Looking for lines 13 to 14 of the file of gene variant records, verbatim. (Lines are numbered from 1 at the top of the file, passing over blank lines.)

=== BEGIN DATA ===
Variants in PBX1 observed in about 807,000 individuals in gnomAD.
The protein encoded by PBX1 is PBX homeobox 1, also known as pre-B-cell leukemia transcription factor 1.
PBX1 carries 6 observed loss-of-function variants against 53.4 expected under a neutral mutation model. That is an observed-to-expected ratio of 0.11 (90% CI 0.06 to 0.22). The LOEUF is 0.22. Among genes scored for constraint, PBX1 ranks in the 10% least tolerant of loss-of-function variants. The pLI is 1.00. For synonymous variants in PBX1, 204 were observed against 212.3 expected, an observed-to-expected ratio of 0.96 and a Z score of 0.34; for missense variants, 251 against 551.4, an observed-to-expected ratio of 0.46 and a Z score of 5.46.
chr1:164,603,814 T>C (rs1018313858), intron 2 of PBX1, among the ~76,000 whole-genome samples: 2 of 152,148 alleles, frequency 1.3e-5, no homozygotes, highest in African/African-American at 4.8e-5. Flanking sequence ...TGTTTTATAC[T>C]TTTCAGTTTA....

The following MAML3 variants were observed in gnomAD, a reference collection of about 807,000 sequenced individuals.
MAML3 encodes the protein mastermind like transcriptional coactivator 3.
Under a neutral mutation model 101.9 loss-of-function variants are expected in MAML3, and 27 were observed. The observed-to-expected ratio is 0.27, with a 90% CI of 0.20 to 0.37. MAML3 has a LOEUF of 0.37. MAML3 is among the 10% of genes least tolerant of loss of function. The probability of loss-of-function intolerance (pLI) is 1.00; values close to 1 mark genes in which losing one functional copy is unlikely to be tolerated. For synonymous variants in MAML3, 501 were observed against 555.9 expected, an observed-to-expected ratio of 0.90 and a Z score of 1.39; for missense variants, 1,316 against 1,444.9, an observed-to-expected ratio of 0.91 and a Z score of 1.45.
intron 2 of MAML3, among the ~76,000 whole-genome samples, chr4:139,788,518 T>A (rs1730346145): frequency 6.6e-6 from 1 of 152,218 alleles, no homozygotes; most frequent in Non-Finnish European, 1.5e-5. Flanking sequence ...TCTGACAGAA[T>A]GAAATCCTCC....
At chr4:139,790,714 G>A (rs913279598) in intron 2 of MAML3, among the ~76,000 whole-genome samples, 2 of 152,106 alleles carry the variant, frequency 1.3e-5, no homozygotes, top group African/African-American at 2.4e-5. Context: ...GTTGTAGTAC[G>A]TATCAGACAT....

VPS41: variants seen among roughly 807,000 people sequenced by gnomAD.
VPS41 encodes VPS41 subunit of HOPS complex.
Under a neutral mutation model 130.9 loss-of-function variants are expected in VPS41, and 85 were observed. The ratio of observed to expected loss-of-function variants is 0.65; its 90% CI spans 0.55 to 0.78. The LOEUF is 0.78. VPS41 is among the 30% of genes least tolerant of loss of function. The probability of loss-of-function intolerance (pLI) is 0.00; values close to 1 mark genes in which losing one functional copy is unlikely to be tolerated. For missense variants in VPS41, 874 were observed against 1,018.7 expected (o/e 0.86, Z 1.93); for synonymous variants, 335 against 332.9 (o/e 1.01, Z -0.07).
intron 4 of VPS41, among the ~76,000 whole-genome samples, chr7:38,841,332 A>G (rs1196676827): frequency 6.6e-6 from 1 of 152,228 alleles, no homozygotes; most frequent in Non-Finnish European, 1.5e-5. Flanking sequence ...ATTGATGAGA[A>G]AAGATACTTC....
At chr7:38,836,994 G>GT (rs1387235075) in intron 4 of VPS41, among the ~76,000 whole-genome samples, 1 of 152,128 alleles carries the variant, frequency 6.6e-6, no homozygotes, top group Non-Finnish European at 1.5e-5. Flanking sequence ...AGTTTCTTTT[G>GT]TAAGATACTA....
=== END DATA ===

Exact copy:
intron 4 of VPS41, among the ~76,000 whole-genome samples, chr7:38,841,332 A>G (rs1196676827): frequency 6.6e-6 from 1 of 152,228 alleles, no homozygotes; most frequent in Non-Finnish European, 1.5e-5. Flanking sequence ...ATTGATGAGA[A>G]AAGATACTTC....
At chr7:38,836,994 G>GT (rs1387235075) in intron 4 of VPS41, among the ~76,000 whole-genome samples, 1 of 152,128 alleles carries the variant, frequency 6.6e-6, no homozygotes, top group Non-Finnish European at 1.5e-5. Flanking sequence ...AGTTTCTTTT[G>GT]TAAGATACTA....